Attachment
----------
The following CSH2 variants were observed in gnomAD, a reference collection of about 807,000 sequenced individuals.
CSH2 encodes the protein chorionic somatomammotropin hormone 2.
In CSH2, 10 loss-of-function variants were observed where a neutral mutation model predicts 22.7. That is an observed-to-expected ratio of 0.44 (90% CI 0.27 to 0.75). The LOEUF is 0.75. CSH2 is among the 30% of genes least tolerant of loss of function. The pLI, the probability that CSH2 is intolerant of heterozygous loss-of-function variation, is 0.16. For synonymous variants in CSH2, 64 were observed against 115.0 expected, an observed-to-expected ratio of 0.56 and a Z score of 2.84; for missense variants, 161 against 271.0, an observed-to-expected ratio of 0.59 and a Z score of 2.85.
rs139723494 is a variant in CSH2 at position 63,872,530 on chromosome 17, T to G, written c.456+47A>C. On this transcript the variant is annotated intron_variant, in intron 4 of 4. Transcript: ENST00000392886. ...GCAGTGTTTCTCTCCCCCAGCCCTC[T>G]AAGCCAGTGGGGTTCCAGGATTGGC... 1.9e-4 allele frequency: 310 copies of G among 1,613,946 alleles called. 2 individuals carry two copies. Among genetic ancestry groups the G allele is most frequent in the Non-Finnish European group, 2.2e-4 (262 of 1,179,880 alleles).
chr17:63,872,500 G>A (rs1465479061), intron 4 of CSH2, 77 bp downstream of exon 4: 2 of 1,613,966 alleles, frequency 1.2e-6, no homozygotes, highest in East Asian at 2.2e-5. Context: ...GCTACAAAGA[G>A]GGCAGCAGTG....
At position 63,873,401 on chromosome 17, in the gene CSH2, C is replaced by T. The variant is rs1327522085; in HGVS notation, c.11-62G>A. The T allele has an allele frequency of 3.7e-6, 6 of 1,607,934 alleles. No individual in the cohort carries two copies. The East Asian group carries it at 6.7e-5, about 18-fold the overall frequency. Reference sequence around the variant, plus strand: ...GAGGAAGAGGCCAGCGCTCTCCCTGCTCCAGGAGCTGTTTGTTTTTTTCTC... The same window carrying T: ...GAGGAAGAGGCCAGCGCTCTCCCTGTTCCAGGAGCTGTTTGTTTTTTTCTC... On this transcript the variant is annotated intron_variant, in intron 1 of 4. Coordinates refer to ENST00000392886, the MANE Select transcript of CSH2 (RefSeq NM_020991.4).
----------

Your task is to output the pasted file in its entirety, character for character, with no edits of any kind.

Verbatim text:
The following CSH2 variants were observed in gnomAD, a reference collection of about 807,000 sequenced individuals.
CSH2 encodes the protein chorionic somatomammotropin hormone 2.
In CSH2, 10 loss-of-function variants were observed where a neutral mutation model predicts 22.7. That is an observed-to-expected ratio of 0.44 (90% CI 0.27 to 0.75). The LOEUF is 0.75. CSH2 is among the 30% of genes least tolerant of loss of function. The pLI, the probability that CSH2 is intolerant of heterozygous loss-of-function variation, is 0.16. For synonymous variants in CSH2, 64 were observed against 115.0 expected, an observed-to-expected ratio of 0.56 and a Z score of 2.84; for missense variants, 161 against 271.0, an observed-to-expected ratio of 0.59 and a Z score of 2.85.
rs139723494 is a variant in CSH2 at position 63,872,530 on chromosome 17, T to G, written c.456+47A>C. On this transcript the variant is annotated intron_variant, in intron 4 of 4. Transcript: ENST00000392886. ...GCAGTGTTTCTCTCCCCCAGCCCTC[T>G]AAGCCAGTGGGGTTCCAGGATTGGC... 1.9e-4 allele frequency: 310 copies of G among 1,613,946 alleles called. 2 individuals carry two copies. Among genetic ancestry groups the G allele is most frequent in the Non-Finnish European group, 2.2e-4 (262 of 1,179,880 alleles).
chr17:63,872,500 G>A (rs1465479061), intron 4 of CSH2, 77 bp downstream of exon 4: 2 of 1,613,966 alleles, frequency 1.2e-6, no homozygotes, highest in East Asian at 2.2e-5. Context: ...GCTACAAAGA[G>A]GGCAGCAGTG....
At position 63,873,401 on chromosome 17, in the gene CSH2, C is replaced by T. The variant is rs1327522085; in HGVS notation, c.11-62G>A. The T allele has an allele frequency of 3.7e-6, 6 of 1,607,934 alleles. No individual in the cohort carries two copies. The East Asian group carries it at 6.7e-5, about 18-fold the overall frequency. Reference sequence around the variant, plus strand: ...GAGGAAGAGGCCAGCGCTCTCCCTGCTCCAGGAGCTGTTTGTTTTTTTCTC... The same window carrying T: ...GAGGAAGAGGCCAGCGCTCTCCCTGTTCCAGGAGCTGTTTGTTTTTTTCTC... On this transcript the variant is annotated intron_variant, in intron 1 of 4. Coordinates refer to ENST00000392886, the MANE Select transcript of CSH2 (RefSeq NM_020991.4).